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his friends. Lord Melbourne speaks of him as a man too much given to details and possessed of no broad views. To a certain extent he was made the scapegoat of an administration whose very visible defects somewhat obscured its real achievement in the eyes of its disappointed followers. Short in stature, he was on that and other grounds a constant subject of the H. B. caricatures. Henry (afterwards Sir Henry) Taylor described him in 1834 as ‘a light-hearted, warm-hearted man, with a mind not powerful certainly, but acute and active, accomplished, and versed in literature and poetry as well as equal to business.’ He was a contributor to the ‘Edinburgh Review,’ and several of his letters and speeches were published separately. One of them attracted the hostility of Croker (Croker Papers, ii. 132).

Spring-Rice was twice married: first, on 11 July 1811 to Theodosia, second daughter of Edmund Henry Pery, first earl of Limerick; she died on 10 Dec. 1839. He married secondly, on 13 April 1841, Marianne, eldest daughter of John Marshall of Hallsteads, Cumberland; she died on 11 April 1889, aged 89. By his first wife he had issue five sons and three daughters. His eldest son, Stephen Edmund (1814–1865), deputy chairman of the board of customs, predeceased him, and he was succeeded in the peerage by his grandson, Thomas Spring-Rice, the present peer. The youngest daughter, Theodosia Alicia, married in 1839 Sir Henry Taylor [q. v.]

A portrait by E. U. Eddis belongs to the family.

[Walpole's Life of Lord John Russell; Sir Henry Taylor's Autobiogr. i. 208, 213; Greville Memoirs, 1st ser.; Pryme's Autobiogr. Recoll. 1870, pp. 89, 186; Raikes's Diary; Fitzpatrick's Correspondence of O'Connell; Hansard, clviii. 1473; Times, 9 Feb. 1866.]

J. A. H.

SPRINT, JOHN (d. 1623), theologian, grandson of John Sprint, an apothecary in Gloucestershire, and son of John Sprint (d. 1590), a scholar of Corpus Christi College, Oxford, who was admitted in 1560, took the degree of D.D. from Christ Church on 23 July 4, and was appointed dean of Bristol in 1571, canon of Winchester in 1572, canon of Sarum in 1574, archdeacon of Wiltshire 1578, and treasurer of Salisbury Cathedral in 1584. He was the author of an extremely rare oration 'Ad Illustrissimos Comites Warwicsensem et Leicestrensem Oratio Gratulatoria Bristolliae habita Aprili anna 1587. Oxoniae, ex Officina Typographica Josephi Barnesii,' one sheet, 12mo (Strype, Life of Whitgift, ed. 1822, i 245, 616; Lansdowne MS. 982, f. 141).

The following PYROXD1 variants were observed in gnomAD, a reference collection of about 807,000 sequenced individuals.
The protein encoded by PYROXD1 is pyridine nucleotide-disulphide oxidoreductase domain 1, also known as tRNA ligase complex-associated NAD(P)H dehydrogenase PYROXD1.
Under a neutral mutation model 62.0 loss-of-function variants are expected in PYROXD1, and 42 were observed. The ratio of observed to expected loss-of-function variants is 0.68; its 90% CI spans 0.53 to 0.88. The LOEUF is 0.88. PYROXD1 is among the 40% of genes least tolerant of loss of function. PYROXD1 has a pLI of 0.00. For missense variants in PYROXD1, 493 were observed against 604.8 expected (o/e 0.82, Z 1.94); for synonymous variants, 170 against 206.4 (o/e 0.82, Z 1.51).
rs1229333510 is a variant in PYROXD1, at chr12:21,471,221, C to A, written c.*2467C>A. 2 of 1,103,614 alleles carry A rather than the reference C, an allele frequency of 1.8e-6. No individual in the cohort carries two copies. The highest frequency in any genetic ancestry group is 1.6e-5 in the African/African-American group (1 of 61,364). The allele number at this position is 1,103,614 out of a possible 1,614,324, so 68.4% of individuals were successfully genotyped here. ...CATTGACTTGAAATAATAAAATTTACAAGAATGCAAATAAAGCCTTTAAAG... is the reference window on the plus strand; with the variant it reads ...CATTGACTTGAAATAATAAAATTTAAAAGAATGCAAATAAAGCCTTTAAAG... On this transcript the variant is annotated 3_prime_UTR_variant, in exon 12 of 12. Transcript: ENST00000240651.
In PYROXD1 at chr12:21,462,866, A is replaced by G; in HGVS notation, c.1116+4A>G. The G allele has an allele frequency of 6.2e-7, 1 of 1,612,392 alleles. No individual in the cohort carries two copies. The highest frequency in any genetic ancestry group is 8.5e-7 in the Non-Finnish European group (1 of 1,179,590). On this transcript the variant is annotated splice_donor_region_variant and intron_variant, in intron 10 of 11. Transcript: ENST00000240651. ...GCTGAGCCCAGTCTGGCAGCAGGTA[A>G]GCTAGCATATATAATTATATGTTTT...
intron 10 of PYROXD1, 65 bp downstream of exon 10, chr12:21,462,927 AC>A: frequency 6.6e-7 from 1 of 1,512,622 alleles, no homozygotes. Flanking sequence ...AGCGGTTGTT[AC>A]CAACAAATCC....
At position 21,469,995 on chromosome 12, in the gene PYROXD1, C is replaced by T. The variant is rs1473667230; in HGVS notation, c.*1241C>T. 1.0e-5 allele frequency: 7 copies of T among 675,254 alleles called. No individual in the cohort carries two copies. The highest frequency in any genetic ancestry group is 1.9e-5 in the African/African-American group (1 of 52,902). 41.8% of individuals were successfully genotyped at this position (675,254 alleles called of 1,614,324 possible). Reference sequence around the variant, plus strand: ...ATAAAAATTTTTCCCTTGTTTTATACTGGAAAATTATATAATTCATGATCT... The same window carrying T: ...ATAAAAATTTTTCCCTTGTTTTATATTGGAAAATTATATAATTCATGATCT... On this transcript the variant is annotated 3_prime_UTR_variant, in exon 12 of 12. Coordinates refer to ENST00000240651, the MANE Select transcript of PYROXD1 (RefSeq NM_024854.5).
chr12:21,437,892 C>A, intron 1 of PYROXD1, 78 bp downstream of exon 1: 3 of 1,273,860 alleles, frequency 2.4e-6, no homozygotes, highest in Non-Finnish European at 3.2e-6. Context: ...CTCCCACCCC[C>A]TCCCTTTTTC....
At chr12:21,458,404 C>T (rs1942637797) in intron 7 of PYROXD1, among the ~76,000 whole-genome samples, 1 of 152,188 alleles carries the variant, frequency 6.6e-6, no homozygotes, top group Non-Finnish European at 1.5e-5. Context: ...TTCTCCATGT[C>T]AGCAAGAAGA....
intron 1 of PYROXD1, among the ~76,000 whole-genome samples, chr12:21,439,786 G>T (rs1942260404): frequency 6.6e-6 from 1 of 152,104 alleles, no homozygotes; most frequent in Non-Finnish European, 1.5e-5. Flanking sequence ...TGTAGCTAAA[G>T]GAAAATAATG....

John Sprint the younger was born in or near Bristol, and was elected a student of Christ Church in 1592. He graduated B.A. on 6 March 1595-6, and proceeded M.A. on 21 May 1599. Having been ordained, he attached himself to the puritan party, and took occasion, when preaching at the university church, to inveigh strongly against the ceremonies and discipline of the English church. On being called to account by John Howson [q. v.], the vice-chancellor, he defied his authority, and was sent to prison. This occasioned a great ferment among the puritans, and the matter was referred to the queen and council. A commission was appointed, and Sprint was compelled to read his submission in convocation.

In 1610 Sprint was appointed vicar of Thornbury in Gloucestershire, where he continued for some time to hold views adverse to the Anglican ritual; but he was finally induced to conform by the persuasion of Samuel Burton, archdeacon of Gloucestershire. He afterwards published a book entitled 'Cassander Anglicanus: shewing the necessity of conformitie to the prescribed Ceremonies of our Church in Case of Deprivation' (London, 1618, 4to), which had considerable effect on beneficed clergy of puritan tendencies. It provoked an anonymous reply entitled 'A brief and plain Answer to Master Sprints discourse,' to which Sprint made a rejoinder entitled 'A Reply to the answer of my first Reason.' Both the latter are printed with the 1618 edition of 'Cassander Anglicanus.' In his defence of conformity Sprint does not attempt to justify the Anglican position, but rather argues that the rites are non-essential, and that no minister of the gospel is justified in abandoning his ministry because they are enjoined upon him.

Sprint died in 1623, and was buried in St. Anne's, Blackfriars, leaving two sons, John (d. 1692) and Samuel. Both took holy orders, and were among the ejected ministers of 1662, John being ejected from the living of Hampstead, Middlesex, and Samuel from that of South Tidworth, Hampshire.

He was the author of; 1. Propositions tending to prove the necessary Use of the Christian Sabbath or Lord's Day,' London, 1607, 4to. 2. 'The Practice of that Sacred Day, framed after the Rules of God's Word,' printed with the former. These two works supported the strict Sabbatarian views which had gained ground in England towards the end of Elizabeth's reign, though not prevalent among the earlier reformers. 3. 'The Summe of Christian Religion by way of Question and Answer,' London, 1613, 8vo. 4. 'The Christian's Sword and Buckler; or a Letter sent to a Man grievously afflicted in Conscience